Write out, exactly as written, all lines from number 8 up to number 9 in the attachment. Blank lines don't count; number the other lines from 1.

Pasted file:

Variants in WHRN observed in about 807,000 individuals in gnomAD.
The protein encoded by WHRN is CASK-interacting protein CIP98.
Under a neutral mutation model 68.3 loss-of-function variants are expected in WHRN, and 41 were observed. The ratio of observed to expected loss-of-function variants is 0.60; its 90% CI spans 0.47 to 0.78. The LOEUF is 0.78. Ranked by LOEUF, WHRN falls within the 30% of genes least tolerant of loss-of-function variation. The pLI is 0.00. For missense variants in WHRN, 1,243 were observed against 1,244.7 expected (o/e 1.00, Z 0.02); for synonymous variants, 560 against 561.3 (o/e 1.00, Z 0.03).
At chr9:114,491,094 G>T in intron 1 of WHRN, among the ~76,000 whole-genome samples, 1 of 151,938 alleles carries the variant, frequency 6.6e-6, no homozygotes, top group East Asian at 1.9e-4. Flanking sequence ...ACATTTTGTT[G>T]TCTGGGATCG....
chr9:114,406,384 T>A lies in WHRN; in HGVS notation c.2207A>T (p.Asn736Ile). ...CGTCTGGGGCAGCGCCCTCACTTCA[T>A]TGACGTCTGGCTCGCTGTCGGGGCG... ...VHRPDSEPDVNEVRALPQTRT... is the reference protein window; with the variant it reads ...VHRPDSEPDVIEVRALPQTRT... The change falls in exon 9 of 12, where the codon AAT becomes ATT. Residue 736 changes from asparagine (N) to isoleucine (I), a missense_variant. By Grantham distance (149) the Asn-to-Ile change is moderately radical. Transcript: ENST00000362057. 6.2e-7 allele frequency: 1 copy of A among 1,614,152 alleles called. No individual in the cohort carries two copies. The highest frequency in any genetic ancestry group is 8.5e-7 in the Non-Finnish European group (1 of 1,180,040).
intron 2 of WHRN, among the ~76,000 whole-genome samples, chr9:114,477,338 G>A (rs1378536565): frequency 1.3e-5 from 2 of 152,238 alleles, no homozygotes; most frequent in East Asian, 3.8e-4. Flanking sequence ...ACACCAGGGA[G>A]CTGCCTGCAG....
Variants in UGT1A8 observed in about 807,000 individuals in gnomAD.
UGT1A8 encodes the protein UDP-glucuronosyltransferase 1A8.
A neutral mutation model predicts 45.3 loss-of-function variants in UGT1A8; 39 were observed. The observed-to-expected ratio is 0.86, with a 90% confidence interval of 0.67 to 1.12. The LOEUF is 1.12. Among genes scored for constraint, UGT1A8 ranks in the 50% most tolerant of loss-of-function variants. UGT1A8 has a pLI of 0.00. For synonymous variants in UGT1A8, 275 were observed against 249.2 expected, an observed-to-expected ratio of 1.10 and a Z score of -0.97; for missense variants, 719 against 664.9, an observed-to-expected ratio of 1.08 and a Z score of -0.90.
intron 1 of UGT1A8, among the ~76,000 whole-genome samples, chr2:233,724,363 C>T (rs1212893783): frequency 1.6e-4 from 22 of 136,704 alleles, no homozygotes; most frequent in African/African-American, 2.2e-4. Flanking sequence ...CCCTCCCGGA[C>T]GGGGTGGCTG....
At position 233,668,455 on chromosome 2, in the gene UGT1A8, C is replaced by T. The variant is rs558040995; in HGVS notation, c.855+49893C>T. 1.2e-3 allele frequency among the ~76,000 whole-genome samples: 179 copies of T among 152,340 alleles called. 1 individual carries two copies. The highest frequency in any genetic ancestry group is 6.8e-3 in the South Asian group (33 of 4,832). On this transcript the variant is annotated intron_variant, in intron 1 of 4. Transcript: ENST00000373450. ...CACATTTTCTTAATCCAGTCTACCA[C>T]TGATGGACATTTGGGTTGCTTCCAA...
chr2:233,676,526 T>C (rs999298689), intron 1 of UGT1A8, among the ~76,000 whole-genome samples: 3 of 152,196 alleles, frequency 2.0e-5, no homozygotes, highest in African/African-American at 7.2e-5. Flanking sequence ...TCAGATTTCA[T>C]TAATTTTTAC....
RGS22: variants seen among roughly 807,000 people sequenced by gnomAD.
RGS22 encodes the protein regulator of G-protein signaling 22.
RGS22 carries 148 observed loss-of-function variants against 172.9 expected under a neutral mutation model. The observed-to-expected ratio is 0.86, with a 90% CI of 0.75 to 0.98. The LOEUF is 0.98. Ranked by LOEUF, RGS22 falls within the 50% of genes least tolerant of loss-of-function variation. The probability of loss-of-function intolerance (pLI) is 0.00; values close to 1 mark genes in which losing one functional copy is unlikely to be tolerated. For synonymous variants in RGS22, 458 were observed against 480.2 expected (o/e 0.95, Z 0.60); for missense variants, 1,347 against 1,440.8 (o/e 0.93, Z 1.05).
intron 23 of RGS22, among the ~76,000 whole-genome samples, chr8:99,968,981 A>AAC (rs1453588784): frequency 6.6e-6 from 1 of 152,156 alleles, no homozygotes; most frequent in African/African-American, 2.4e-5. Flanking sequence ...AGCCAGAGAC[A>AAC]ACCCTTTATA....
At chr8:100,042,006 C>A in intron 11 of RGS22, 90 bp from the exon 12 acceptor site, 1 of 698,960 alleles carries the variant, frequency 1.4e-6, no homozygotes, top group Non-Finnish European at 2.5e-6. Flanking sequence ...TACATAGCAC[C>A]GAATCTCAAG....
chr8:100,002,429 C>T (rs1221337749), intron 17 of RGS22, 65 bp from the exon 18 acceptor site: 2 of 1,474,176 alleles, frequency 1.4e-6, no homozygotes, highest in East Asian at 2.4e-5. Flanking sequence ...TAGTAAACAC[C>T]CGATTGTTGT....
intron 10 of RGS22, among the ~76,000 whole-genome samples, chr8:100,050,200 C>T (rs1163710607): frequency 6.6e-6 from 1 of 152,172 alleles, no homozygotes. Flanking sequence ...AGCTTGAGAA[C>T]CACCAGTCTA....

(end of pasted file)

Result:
UGT1A8 encodes the protein UDP-glucuronosyltransferase 1A8.
A neutral mutation model predicts 45.3 loss-of-function variants in UGT1A8; 39 were observed. The observed-to-expected ratio is 0.86, with a 90% confidence interval of 0.67 to 1.12. The LOEUF is 1.12. Among genes scored for constraint, UGT1A8 ranks in the 50% most tolerant of loss-of-function variants. UGT1A8 has a pLI of 0.00. For synonymous variants in UGT1A8, 275 were observed against 249.2 expected, an observed-to-expected ratio of 1.10 and a Z score of -0.97; for missense variants, 719 against 664.9, an observed-to-expected ratio of 1.08 and a Z score of -0.90.